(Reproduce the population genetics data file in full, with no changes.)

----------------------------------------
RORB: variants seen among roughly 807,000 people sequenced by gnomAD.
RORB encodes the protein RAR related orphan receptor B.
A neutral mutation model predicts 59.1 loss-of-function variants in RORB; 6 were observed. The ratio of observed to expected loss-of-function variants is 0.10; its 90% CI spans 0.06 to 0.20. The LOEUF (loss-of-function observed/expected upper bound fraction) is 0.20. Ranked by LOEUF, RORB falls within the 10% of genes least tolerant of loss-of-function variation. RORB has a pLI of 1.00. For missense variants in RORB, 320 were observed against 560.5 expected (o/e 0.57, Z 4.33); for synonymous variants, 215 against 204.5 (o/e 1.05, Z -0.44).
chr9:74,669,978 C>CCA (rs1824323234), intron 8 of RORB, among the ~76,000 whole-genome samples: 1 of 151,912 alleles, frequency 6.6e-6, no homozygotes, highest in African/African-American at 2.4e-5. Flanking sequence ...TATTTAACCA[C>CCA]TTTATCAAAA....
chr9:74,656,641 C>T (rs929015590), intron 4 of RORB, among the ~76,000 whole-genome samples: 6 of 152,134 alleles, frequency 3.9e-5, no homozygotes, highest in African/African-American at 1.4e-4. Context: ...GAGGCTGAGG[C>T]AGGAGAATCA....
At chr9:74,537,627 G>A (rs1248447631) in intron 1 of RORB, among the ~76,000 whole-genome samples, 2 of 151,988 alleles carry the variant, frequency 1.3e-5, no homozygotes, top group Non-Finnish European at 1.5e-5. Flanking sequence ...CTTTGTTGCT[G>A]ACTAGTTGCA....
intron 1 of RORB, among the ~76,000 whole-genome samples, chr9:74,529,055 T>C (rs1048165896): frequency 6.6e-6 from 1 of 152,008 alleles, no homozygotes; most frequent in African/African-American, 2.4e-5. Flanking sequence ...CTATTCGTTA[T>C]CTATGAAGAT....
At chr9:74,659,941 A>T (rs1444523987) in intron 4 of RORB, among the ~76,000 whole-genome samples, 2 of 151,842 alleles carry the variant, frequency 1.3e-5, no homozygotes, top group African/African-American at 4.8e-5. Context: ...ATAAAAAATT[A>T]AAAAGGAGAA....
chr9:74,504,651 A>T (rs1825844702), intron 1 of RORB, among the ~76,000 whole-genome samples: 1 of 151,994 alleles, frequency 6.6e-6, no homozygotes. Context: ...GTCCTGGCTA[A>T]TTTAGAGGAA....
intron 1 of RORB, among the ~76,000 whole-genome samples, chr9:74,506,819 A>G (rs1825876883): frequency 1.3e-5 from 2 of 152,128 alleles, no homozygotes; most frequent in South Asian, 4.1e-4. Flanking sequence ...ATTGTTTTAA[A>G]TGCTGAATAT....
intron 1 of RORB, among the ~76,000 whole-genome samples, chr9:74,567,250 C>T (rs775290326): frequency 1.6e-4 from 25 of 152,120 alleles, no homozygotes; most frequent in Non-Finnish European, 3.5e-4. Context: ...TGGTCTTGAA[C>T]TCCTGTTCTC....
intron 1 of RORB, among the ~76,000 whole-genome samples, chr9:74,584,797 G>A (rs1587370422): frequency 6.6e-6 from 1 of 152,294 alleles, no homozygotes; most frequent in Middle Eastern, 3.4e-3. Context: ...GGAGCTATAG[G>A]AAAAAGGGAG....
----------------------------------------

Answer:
RORB: variants seen among roughly 807,000 people sequenced by gnomAD.
RORB encodes the protein RAR related orphan receptor B.
A neutral mutation model predicts 59.1 loss-of-function variants in RORB; 6 were observed. The ratio of observed to expected loss-of-function variants is 0.10; its 90% CI spans 0.06 to 0.20. The LOEUF (loss-of-function observed/expected upper bound fraction) is 0.20. Ranked by LOEUF, RORB falls within the 10% of genes least tolerant of loss-of-function variation. RORB has a pLI of 1.00. For missense variants in RORB, 320 were observed against 560.5 expected (o/e 0.57, Z 4.33); for synonymous variants, 215 against 204.5 (o/e 1.05, Z -0.44).
chr9:74,669,978 C>CCA (rs1824323234), intron 8 of RORB, among the ~76,000 whole-genome samples: 1 of 151,912 alleles, frequency 6.6e-6, no homozygotes, highest in African/African-American at 2.4e-5. Flanking sequence ...TATTTAACCA[C>CCA]TTTATCAAAA....
chr9:74,656,641 C>T (rs929015590), intron 4 of RORB, among the ~76,000 whole-genome samples: 6 of 152,134 alleles, frequency 3.9e-5, no homozygotes, highest in African/African-American at 1.4e-4. Context: ...GAGGCTGAGG[C>T]AGGAGAATCA....
At chr9:74,537,627 G>A (rs1248447631) in intron 1 of RORB, among the ~76,000 whole-genome samples, 2 of 151,988 alleles carry the variant, frequency 1.3e-5, no homozygotes, top group Non-Finnish European at 1.5e-5. Flanking sequence ...CTTTGTTGCT[G>A]ACTAGTTGCA....
intron 1 of RORB, among the ~76,000 whole-genome samples, chr9:74,529,055 T>C (rs1048165896): frequency 6.6e-6 from 1 of 152,008 alleles, no homozygotes; most frequent in African/African-American, 2.4e-5. Flanking sequence ...CTATTCGTTA[T>C]CTATGAAGAT....
At chr9:74,659,941 A>T (rs1444523987) in intron 4 of RORB, among the ~76,000 whole-genome samples, 2 of 151,842 alleles carry the variant, frequency 1.3e-5, no homozygotes, top group African/African-American at 4.8e-5. Context: ...ATAAAAAATT[A>T]AAAAGGAGAA....
chr9:74,504,651 A>T (rs1825844702), intron 1 of RORB, among the ~76,000 whole-genome samples: 1 of 151,994 alleles, frequency 6.6e-6, no homozygotes. Context: ...GTCCTGGCTA[A>T]TTTAGAGGAA....
intron 1 of RORB, among the ~76,000 whole-genome samples, chr9:74,506,819 A>G (rs1825876883): frequency 1.3e-5 from 2 of 152,128 alleles, no homozygotes; most frequent in South Asian, 4.1e-4. Flanking sequence ...ATTGTTTTAA[A>G]TGCTGAATAT....
intron 1 of RORB, among the ~76,000 whole-genome samples, chr9:74,567,250 C>T (rs775290326): frequency 1.6e-4 from 25 of 152,120 alleles, no homozygotes; most frequent in Non-Finnish European, 3.5e-4. Context: ...TGGTCTTGAA[C>T]TCCTGTTCTC....
intron 1 of RORB, among the ~76,000 whole-genome samples, chr9:74,584,797 G>A (rs1587370422): frequency 6.6e-6 from 1 of 152,294 alleles, no homozygotes; most frequent in Middle Eastern, 3.4e-3. Context: ...GGAGCTATAG[G>A]AAAAAGGGAG....